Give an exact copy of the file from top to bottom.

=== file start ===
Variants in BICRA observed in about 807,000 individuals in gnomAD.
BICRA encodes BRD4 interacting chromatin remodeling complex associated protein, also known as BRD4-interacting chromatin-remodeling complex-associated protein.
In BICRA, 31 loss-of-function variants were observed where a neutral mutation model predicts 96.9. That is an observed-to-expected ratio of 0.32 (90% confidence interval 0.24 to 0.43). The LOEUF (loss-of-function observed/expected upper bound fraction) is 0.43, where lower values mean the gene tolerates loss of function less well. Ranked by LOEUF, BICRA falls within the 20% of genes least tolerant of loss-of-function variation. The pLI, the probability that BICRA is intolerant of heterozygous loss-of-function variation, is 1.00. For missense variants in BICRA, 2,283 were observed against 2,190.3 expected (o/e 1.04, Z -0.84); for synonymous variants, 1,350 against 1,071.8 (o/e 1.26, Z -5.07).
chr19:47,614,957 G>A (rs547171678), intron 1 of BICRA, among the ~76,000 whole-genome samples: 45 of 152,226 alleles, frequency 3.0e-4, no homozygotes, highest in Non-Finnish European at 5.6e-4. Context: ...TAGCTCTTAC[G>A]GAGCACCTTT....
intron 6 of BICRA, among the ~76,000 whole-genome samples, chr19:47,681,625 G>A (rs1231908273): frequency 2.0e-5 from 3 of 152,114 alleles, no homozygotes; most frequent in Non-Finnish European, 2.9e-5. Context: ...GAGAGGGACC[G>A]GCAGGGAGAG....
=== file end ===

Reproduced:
Variants in BICRA observed in about 807,000 individuals in gnomAD.
BICRA encodes BRD4 interacting chromatin remodeling complex associated protein, also known as BRD4-interacting chromatin-remodeling complex-associated protein.
In BICRA, 31 loss-of-function variants were observed where a neutral mutation model predicts 96.9. That is an observed-to-expected ratio of 0.32 (90% confidence interval 0.24 to 0.43). The LOEUF (loss-of-function observed/expected upper bound fraction) is 0.43, where lower values mean the gene tolerates loss of function less well. Ranked by LOEUF, BICRA falls within the 20% of genes least tolerant of loss-of-function variation. The pLI, the probability that BICRA is intolerant of heterozygous loss-of-function variation, is 1.00. For missense variants in BICRA, 2,283 were observed against 2,190.3 expected (o/e 1.04, Z -0.84); for synonymous variants, 1,350 against 1,071.8 (o/e 1.26, Z -5.07).
chr19:47,614,957 G>A (rs547171678), intron 1 of BICRA, among the ~76,000 whole-genome samples: 45 of 152,226 alleles, frequency 3.0e-4, no homozygotes, highest in Non-Finnish European at 5.6e-4. Context: ...TAGCTCTTAC[G>A]GAGCACCTTT....
intron 6 of BICRA, among the ~76,000 whole-genome samples, chr19:47,681,625 G>A (rs1231908273): frequency 2.0e-5 from 3 of 152,114 alleles, no homozygotes; most frequent in Non-Finnish European, 2.9e-5. Context: ...GAGAGGGACC[G>A]GCAGGGAGAG....